|Serrano ham and sweet melon top gazpacho.|
Let the variations begin! If you’ve read the previous two entries about gazpacho, you might surmise that I am a stickler for tradition. Gazpacho is not just another name for “cold soup.” It’s a very particular Andalusian dish, almost a category by itself. “Liquid salad” is another way to think of gazpacho.
It isn’t always made with tomatoes (there are authentic white and green gazpachos), but it definitely contains olive oil and, except for the bread, is, basically, all raw.
This week, I experimented with variations on the gazpacho theme. For almost all, I started with the basic gazpacho recipe (scroll down or check it out here) and just added different toppings and garnishes. I was amazed at how gazpacho served for many different meals and moods.
|Gazpacho with ham and melon, with fresh cheese and cucumber.|
These two combos—gazpacho with ham and melon and with cheese, cucumber and mint—could be breakfast gazpacho or starters for a summer dinner. The ham is Spanish serrano ham. The white cheese is fresh goat cheese, cut in cubes.
|Gazpacho with seafood.|
Gazpacho makes a tasty background for shellfish. These could be served as a light meal or as a starter. Cooked shrimp with sliced plum tomatoes; mussels with a chopped mixture of green and red peppers and scallions; and squid sprinkled with pimentón picante (smoked hot paprika).
|Gazpacho with shrimp, sliced tomato and basil.|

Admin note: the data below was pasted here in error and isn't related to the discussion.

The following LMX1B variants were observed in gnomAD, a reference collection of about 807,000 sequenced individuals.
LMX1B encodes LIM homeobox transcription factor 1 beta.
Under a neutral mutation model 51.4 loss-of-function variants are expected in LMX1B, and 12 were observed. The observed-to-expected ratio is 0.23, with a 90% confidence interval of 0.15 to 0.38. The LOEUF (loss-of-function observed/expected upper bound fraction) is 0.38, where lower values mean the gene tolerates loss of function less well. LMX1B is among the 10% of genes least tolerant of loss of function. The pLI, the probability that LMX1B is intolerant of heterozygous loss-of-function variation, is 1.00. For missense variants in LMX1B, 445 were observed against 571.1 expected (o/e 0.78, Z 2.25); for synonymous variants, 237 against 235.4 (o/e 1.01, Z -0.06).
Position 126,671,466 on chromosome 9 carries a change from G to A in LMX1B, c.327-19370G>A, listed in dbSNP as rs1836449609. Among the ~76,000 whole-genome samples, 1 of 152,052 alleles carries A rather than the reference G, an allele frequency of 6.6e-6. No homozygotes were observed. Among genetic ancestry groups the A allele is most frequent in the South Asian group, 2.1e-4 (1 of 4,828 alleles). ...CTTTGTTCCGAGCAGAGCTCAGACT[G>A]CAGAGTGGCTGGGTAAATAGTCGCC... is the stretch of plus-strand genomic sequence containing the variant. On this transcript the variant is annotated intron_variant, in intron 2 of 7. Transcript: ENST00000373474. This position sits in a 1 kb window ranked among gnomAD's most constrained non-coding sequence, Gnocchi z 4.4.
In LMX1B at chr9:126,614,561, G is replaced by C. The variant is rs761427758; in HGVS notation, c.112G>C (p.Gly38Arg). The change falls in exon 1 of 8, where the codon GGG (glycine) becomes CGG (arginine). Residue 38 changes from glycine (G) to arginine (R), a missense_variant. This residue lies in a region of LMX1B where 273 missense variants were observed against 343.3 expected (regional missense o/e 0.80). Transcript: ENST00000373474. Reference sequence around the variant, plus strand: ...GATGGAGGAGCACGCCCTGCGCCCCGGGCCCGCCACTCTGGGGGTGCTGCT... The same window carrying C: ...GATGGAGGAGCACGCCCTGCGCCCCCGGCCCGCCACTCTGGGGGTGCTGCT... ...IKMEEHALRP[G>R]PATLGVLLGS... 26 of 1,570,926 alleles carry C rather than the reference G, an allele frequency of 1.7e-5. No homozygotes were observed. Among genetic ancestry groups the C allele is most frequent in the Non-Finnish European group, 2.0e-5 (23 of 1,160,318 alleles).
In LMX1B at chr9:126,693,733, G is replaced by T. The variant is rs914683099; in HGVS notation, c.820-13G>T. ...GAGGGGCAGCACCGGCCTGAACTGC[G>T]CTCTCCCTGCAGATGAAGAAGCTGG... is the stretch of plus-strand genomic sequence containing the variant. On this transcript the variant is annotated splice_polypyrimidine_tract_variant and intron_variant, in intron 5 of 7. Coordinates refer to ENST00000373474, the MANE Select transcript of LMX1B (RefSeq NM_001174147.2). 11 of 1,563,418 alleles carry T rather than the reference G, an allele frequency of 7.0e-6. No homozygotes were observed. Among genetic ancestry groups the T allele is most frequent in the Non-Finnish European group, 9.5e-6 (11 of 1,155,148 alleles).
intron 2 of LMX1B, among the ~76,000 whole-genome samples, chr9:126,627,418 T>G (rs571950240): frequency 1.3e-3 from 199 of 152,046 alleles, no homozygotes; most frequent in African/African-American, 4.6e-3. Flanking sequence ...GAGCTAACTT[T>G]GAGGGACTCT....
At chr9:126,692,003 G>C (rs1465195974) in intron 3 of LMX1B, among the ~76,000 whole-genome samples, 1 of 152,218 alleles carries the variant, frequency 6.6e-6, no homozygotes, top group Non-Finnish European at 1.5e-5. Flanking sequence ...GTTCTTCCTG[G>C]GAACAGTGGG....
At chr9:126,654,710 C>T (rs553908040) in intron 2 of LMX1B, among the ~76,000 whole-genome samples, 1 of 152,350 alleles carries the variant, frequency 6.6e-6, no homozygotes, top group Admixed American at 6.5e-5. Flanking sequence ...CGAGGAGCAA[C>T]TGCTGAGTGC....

|Avocado and jalapeño add a Latin flavor.|
Topped with buttery chunks of avocado, chopped onion and red and green pepper for crunch, sliced jalapeño for heat and cilantro leaves for an earthy herbal touch, this gazpacho takes on a Latin flavor. While chile would never appear in authentic Andalusian gazpacho, this is a permutation worth trying. I served it as a starter before charcoal-grilled pork chops.
|Gazpacho with no bread.|
Here’s a no-bread alternative. The egg-oil emulsion gives this gazpacho a silky texture (but, notice how it is pinkish in color rather than orangy-red as in gazpacho with bread). I used crunchy fried bread crumbs (or not!), almonds and diced pear for contrast. I added no vinegar to this gazpacho, as the tomatoes without bread were tangy enough on their own. I used delicate Arbequina olive oil for this gazpacho. I used an immersion blender and put the ingredients in a bowl to make it easier to beat in the tomatoes.
(Another sort of no-bread gazpacho is made with agar-agar as a thickener. I haven’t tried that recipe.)
(This recipe uses raw egg.)
1 large egg
1 clove garlic
½ to ¾ cup extra virgin olive oil
½ teaspoon salt
4 cups tomatoes, pureed and sieved
Garnishes, as desired: croutons of fried bread, toasted almonds, diced pears
Place the egg and garlic in blender and whirl until garlic is chopped. With the blender running, add oil in a slow stream until the mixture thickens (may require up to ¾ cup of oil). Beat in the salt and slowly add 1 cup of the sieved tomatoes. Gradually beat in the remaining tomatoes. Chill the gazpacho.
Serve the gazpacho garnished as desired.
|Bloody Mary with gazpacho and Sherry.|
|Icy gazpacho granizado (granita). Very refreshing!|
I again started with the basic gazpacho recipe, with bread, adding 1 teaspoon sugar to the mix. Instead of vinegar, I used “sour grapes,” verjuice, unripe grapes, pureed with 2 pounds of tomatoes. I used only ¼ cup of extra virgin olive oil. I put the bowl of gazpacho in the freezer. When it was partially frozen, I used the immersion blender to whip it smooth, then let it freeze until solid.
The frozen gazpacho needs to soften at room temperature for a few minutes. Then, use an ice cream scoop dipped in hot water to scoop it, or a fork to scrape it for granizado (Spanish for granita). Sliced black olives made a good topping. I bet black caviar would really pop on frozen gazpacho. Kernels of fresh corn? I bet I can spin off some more variations.
|Gazpacho sorbet with black olives.|